And Putin comes in, and he presents himself as a modern technocrat. And he wasn't drunk, and he was slim, and he spoke English. And he seemed to understand. He remembered things from meeting to meeting. And for the first couple of years, he behaved like a technocrat, kind of a boring technocrat. I mean, he's got no personal charisma at all.
And we all thought he was going to be getting rid of the oligarchs. Well, it turned out that he wasn't interested in getting rid of the oligarchs. He just wanted to become the biggest oligarch himself. And there is an expression that power corrupts, and absolute power corrupts absolutely.
And that was the story of Vladimir Putin. As he gained more power as president, he became immensely corrupt and immensely powerful. And it just got worse and worse and worse, until, 22 years later, he's the richest man in the world.
He's got a net worth north of $200 billion. And he doesn't care about anything, up and to including invading foreign countries and killing tens of thousands of civilians.
And explain, just in a nutshell, how does Vladimir Putin hold onto the power that he has in Russia?
You describe corruption. You have spoken about the threats, but how exactly does it work?
Well, it's very simple, that he pretends there's a democracy, but anybody who wants to become a challenger to him gets killed, like a man named Boris Nemtsov, gets imprisoned, a man named Alexey Navalny, or gets exiled, like Garry Kasparov, the chess champion.
So there's no competition. And then anybody who shows up who wants to run against him looks at these examples and said, well, I don't want to do that. And, at the same time, if he's ever starting to worry about the people in Russia getting tired of him, he starts a war. This is the third war that he started. One was in Georgia in 2008.
The second one was Crimea, 2014. And this is the third one.
And every time he starts a war, his approval ratings rise. I mean, it's almost like mechanical, automatic. And that that's how he stays in power.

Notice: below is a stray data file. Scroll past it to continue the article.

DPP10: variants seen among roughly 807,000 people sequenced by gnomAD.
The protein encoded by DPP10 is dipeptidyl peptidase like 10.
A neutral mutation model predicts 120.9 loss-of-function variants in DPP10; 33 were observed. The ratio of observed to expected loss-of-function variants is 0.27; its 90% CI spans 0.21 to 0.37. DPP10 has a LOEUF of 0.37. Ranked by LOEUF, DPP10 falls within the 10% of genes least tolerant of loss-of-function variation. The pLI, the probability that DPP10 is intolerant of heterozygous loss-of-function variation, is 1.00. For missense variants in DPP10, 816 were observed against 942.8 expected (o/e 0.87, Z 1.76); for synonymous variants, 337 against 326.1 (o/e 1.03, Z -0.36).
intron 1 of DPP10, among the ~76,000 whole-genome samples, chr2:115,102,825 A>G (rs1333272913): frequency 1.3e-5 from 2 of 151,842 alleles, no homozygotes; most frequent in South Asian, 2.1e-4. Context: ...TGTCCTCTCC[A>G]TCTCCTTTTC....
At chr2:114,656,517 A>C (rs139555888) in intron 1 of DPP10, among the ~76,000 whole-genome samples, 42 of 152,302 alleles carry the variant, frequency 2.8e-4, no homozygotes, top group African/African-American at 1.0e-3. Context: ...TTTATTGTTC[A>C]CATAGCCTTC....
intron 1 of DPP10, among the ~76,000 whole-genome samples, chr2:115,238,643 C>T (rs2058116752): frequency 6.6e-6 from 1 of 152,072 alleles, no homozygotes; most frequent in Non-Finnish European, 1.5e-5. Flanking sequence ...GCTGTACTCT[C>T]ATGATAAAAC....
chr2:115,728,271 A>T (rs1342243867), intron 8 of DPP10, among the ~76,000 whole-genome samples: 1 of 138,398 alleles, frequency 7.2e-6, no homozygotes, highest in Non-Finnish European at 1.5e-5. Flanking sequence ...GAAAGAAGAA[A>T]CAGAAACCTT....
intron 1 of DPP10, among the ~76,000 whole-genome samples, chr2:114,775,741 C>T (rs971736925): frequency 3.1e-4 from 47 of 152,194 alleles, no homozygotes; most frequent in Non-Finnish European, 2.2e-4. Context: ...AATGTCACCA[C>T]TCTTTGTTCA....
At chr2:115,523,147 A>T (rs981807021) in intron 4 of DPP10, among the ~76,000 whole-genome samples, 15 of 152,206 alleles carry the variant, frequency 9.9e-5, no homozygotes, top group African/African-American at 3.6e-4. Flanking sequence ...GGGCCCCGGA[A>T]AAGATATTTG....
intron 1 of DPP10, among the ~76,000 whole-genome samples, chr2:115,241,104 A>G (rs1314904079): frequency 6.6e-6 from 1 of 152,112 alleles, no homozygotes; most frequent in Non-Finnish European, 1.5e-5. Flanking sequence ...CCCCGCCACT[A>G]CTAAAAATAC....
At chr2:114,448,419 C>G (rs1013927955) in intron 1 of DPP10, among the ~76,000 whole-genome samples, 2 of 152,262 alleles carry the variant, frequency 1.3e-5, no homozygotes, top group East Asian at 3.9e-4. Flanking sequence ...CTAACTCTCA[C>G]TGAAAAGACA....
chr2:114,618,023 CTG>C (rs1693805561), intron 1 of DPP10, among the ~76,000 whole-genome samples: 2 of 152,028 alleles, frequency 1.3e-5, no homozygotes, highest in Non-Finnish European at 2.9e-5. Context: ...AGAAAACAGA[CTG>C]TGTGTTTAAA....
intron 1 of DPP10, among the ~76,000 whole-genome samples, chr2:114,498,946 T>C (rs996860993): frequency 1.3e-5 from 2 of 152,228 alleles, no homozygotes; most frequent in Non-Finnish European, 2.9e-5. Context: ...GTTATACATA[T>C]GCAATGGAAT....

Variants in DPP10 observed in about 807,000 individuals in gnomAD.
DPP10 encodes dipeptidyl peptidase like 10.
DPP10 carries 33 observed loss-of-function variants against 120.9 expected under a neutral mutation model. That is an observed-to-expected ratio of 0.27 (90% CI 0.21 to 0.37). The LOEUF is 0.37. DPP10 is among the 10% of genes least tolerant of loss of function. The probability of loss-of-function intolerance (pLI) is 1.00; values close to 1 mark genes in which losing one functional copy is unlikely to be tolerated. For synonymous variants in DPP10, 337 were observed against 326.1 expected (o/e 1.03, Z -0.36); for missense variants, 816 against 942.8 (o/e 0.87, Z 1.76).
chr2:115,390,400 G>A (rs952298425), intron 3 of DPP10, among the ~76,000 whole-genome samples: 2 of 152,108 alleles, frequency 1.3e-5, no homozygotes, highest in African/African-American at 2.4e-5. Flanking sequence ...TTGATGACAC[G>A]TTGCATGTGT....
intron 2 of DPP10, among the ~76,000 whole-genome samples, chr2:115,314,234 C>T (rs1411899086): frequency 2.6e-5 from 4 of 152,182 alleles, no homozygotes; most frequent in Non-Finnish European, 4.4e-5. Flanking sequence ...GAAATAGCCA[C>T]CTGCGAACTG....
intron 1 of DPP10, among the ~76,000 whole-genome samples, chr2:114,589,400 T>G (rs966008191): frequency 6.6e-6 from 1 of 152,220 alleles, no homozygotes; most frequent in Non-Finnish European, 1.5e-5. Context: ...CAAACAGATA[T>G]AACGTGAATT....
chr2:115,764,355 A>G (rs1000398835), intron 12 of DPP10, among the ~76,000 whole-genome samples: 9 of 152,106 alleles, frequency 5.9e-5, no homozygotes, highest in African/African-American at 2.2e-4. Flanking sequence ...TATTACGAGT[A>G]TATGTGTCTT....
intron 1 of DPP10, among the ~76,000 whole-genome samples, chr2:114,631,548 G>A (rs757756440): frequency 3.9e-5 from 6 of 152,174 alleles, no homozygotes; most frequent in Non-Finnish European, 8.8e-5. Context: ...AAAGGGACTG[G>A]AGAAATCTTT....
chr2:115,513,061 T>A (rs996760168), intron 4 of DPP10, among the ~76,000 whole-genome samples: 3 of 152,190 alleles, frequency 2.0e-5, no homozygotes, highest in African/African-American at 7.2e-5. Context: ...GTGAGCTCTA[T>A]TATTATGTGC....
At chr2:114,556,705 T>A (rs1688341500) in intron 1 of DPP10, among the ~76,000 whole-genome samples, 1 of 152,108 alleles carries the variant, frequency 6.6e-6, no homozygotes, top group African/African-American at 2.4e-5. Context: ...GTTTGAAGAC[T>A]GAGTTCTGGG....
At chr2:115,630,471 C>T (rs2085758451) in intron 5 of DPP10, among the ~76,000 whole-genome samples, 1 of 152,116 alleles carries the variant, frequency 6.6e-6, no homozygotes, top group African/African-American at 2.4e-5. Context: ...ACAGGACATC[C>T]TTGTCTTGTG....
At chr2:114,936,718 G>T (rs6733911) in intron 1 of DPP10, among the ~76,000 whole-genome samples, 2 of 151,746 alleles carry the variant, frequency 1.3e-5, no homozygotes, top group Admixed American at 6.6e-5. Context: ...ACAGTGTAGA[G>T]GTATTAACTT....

Given what you know about him, Bill Browder, what do you believe he wants right now?
The Ukrainians have been a — have put up much fiercer resistance than the Russians expected, by all accounts. I mean, how long do you think he's going to continue to push to take over — to try to take over Ukraine?
He's never going to stop.
So, Vladimir Putin is in this war to be in this war. He doesn't care about Ukraine, per se. He cares of about having a foreign enemy. He cares about all the people in Russia rallying against the foreign enemy and around him. And he needs to be in this war.
And, of course, he doesn't want to be in a losing war. And he is losing, based on all the things Ukrainians are doing. And so there's only one thing for him to do, which is to become more brutal, kill more civilians, and create more heartbreak, because that's his modus operandi.
So, where do you see this going, this war?
Well, there's three outcomes.
Either the Ukrainians win, which is the obviously best outcome, not a high-probability scenario. Another outcome is that Putin wins, that he somehow gets Ukraine, in which case he will be then at the Baltic borders, at Estonia, or Lithuania, or maybe even Poland, challenging us with NATO
The most likely — and I wouldn't put that as a very high probability, because the Ukrainians are doing a good job. The most likely scenario — I put it at 70 percent — is that this thing just carries on and on and on in the most heartbreaking way.
The book is "Freezing Order: A True Story of Money Laundering, Murder, and Surviving Vladimir Putin's Wrath."
Thank you very much. We appreciate it.